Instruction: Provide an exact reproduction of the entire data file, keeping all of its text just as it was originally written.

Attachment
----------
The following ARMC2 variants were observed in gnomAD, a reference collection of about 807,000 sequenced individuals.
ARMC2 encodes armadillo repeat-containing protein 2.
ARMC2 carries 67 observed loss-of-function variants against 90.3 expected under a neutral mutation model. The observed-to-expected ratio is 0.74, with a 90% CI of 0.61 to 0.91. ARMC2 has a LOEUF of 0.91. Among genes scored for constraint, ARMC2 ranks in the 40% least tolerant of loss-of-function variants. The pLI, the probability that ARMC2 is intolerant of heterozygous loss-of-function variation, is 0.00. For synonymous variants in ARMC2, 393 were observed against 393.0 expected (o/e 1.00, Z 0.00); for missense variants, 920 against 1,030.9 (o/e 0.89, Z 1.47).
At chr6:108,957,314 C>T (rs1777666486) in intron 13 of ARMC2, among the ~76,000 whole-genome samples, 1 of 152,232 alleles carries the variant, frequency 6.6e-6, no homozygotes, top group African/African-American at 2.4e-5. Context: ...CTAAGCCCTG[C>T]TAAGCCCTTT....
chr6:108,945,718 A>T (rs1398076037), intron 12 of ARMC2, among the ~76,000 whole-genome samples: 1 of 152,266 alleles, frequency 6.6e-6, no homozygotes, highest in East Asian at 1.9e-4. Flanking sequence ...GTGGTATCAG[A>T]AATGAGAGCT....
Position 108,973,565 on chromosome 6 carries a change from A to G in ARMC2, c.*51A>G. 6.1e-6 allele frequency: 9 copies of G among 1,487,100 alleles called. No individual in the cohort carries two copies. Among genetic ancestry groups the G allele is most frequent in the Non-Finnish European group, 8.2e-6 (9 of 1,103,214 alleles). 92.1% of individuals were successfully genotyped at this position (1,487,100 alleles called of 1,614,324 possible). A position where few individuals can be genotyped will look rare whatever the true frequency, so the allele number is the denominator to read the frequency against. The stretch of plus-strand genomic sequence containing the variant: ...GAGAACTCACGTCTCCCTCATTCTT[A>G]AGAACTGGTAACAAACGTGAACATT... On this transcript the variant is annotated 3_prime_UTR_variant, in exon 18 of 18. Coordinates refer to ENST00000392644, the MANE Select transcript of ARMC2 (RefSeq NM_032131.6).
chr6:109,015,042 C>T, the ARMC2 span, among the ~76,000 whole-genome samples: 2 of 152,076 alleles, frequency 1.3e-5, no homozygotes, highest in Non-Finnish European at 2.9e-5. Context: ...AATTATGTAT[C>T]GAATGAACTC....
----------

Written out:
The following ARMC2 variants were observed in gnomAD, a reference collection of about 807,000 sequenced individuals.
ARMC2 encodes armadillo repeat-containing protein 2.
ARMC2 carries 67 observed loss-of-function variants against 90.3 expected under a neutral mutation model. The observed-to-expected ratio is 0.74, with a 90% CI of 0.61 to 0.91. ARMC2 has a LOEUF of 0.91. Among genes scored for constraint, ARMC2 ranks in the 40% least tolerant of loss-of-function variants. The pLI, the probability that ARMC2 is intolerant of heterozygous loss-of-function variation, is 0.00. For synonymous variants in ARMC2, 393 were observed against 393.0 expected (o/e 1.00, Z 0.00); for missense variants, 920 against 1,030.9 (o/e 0.89, Z 1.47).
At chr6:108,957,314 C>T (rs1777666486) in intron 13 of ARMC2, among the ~76,000 whole-genome samples, 1 of 152,232 alleles carries the variant, frequency 6.6e-6, no homozygotes, top group African/African-American at 2.4e-5. Context: ...CTAAGCCCTG[C>T]TAAGCCCTTT....
chr6:108,945,718 A>T (rs1398076037), intron 12 of ARMC2, among the ~76,000 whole-genome samples: 1 of 152,266 alleles, frequency 6.6e-6, no homozygotes, highest in East Asian at 1.9e-4. Flanking sequence ...GTGGTATCAG[A>T]AATGAGAGCT....
Position 108,973,565 on chromosome 6 carries a change from A to G in ARMC2, c.*51A>G. 6.1e-6 allele frequency: 9 copies of G among 1,487,100 alleles called. No individual in the cohort carries two copies. Among genetic ancestry groups the G allele is most frequent in the Non-Finnish European group, 8.2e-6 (9 of 1,103,214 alleles). 92.1% of individuals were successfully genotyped at this position (1,487,100 alleles called of 1,614,324 possible). A position where few individuals can be genotyped will look rare whatever the true frequency, so the allele number is the denominator to read the frequency against. The stretch of plus-strand genomic sequence containing the variant: ...GAGAACTCACGTCTCCCTCATTCTT[A>G]AGAACTGGTAACAAACGTGAACATT... On this transcript the variant is annotated 3_prime_UTR_variant, in exon 18 of 18. Coordinates refer to ENST00000392644, the MANE Select transcript of ARMC2 (RefSeq NM_032131.6).
chr6:109,015,042 C>T, the ARMC2 span, among the ~76,000 whole-genome samples: 2 of 152,076 alleles, frequency 1.3e-5, no homozygotes, highest in Non-Finnish European at 2.9e-5. Context: ...AATTATGTAT[C>T]GAATGAACTC....